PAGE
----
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Cow or Mridhamgam - which is important

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Active member
Tehelka - The People's Paper

The ‘holiness’ of the cow is a myth. Its flesh was very much a part of the early Indian non-vegetarian food regimen and dietary traditions
DN Jha

‘… gam alabhate; yajno vai gauh; yajnam eva labhate; atho annam vai gauh; annam evarundhe…’
Taittiriya Brahamana, III. 9.8.2-3 (Anandasramasanskritgranthavalih 37, Vol III, 3rd edition, Poona, 1979.

‘(At the horse sacrifice) he (the Adhvaryu) seizes (binds) the cow (i.e. cows). The cow is the sacrifice. (Consequently) it is the sacrifice he (the Sacrificer) thus obtains. And the cow certainly is food. (Consequently) it is food he thus obtains.’
English translation by Paul-Emile Dumont. Proceedings of the American Philosophical Society. 92.6 (December 1948), p485.

An interesting rite repeatedly mentioned in the texts of the later Vedic period is one relating to the reception of guests and is called arghya, or more popularly, madhuparka. The killing of the kine (cow) to honour guests seems to have been prevalent from earlier times. The Rgveda (X.68.3) mentions the word atithinir, which has been interpreted as “cows fit for guests”, and refers to at least one Vedic hero, Atithigva, meaning literally “slaying cows for guests”.

...The cow was also killed on festive occasions like marriage. A Rgvedic passage, for instance, refers to the slaughter of a cow on the occasion of marriage and later, in the Aitareya Brahmana, we are told, that “if the ruler of men comes as a guest or any one else deserving of honour comes, people kill a bull or a cow”.

Is it enough to say that Ancient Hindus ate Cow flesh. Subsequently with influence of Buddhism the cow slaughter was stopped. The Ahimsa was given much more importance very later.


Active member
One Man’s Beef

Pankaj Mishra
The Guardian, Saturday 13 July 2002

It is good to have all the relevant facts in one book. But, perhaps, Jha would have better engaged the general reader had he explained in greater detail why upper-caste Hindus have been more passionate about the cow in the last century and a half than at any other time in India's history. Or, as DD Kosambi put it in his Ancient India (1965), why "a modern orthodox Hindu would place beef-eating on the same level as cannibalism, whereas Vedic Brahmins had fattened upon a steady diet of sacrificed beef".

The answer lies in the 19th century, when many newly emergent middle-class Hindus began to see the cow as an important symbol of a glorious tradition defiled by Muslim rule over India. For these Hindus, the cause for banning cow-slaughter became a badge of identity, part of their quest for political power in post-colonial India. Educated Muslims felt excluded from, even scorned by, these Hindu notions of the Indian past; and they developed their own separatist fantasies.
கால பைரவன்;145104 said:
I have heard about these "supposed" arguments between VAli and RAmA, except with a reversed chronology.

First VAli asks RAmA why he intended to kill VAli. RAmA explains about the injustice VAli did to his brother by stealing Sugreeva's wife. When VAli counters that such transgression is acceptable among VAnaRas and human laws do not apply to them, RAmA replies that hunting a VAnaRa hiding is also NOT unfair as human laws of fighting an open warfare does not apply to a VAnaRA!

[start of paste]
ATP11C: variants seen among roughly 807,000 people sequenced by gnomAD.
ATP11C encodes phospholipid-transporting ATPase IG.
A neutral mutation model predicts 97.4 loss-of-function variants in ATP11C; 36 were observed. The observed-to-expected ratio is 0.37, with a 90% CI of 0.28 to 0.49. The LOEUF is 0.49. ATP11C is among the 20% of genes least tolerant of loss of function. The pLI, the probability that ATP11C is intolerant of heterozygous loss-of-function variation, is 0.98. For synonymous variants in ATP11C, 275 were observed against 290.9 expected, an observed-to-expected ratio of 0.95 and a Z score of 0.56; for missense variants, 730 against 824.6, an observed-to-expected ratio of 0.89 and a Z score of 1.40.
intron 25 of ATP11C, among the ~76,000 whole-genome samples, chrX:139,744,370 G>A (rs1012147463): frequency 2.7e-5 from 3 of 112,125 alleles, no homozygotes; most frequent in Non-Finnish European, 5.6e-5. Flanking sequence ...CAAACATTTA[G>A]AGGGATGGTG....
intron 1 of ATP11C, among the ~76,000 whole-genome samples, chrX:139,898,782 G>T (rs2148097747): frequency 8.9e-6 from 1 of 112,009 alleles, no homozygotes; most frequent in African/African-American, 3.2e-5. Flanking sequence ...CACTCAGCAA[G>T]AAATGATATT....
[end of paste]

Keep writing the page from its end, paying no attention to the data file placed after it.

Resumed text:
Even accepting the reverse order of Q & A, Rama hid himself to shoot the arrow at vAli because vAli had the boon that if anybody fights with him face to face he (VAli) will get half the power of the other person giving him more power to defeat his opponent.
I don't think this half power gain is in valmiki ramayan. Needs checking.

Even accepting the reverse order of Q & A, Rama hid himself to shoot the arrow at vAli because vAli had the boon that if anybody fights with him face to face he (VAli) will get half the power of the other person giving him more power to defeat his opponent.
In the movie "The Graduate", Dustin Hoffman is grabbed by the neighbor and and told to go for "Plastics" in search of a job after graduation. Likewise for most of history, the answer is "Evolution" when it comes to deciding between right and wrong. In matters concerning religion and customs the evolution of thought is the guiding factor. In Victorian England the puritans gained foothold and consequently when the British ruled India they introduced those concepts into India too, such as the Anti-nautch act , child marriage prevention act, and others. So what was once permitted in ancient times came to be revised as a prohibited item or event later. "Old is gold" is not universally true. So in the name of tradition it is foolhardy to impose certain customs without consideration for the pulse of times.

As for making mridangam from cowhide, SEkkizhAr's periya purANam (12th century CE) details how the slum dwellers (including nandanAr) ate beef and used the cowhide to make drums and take them to be used in the temples. The brahmins in those days turned a blind eye to the source of the drums used in the temples. Similarly, the use of kastUri (from the gland of a deer), and kOrOjanai (from cow's liver) was widely prevalent in the name of offering them to the Lord. Later on kOrOjanai was used as a medicine even in brahminical households to be given to children to cure their gastric and intestinal illnesses.
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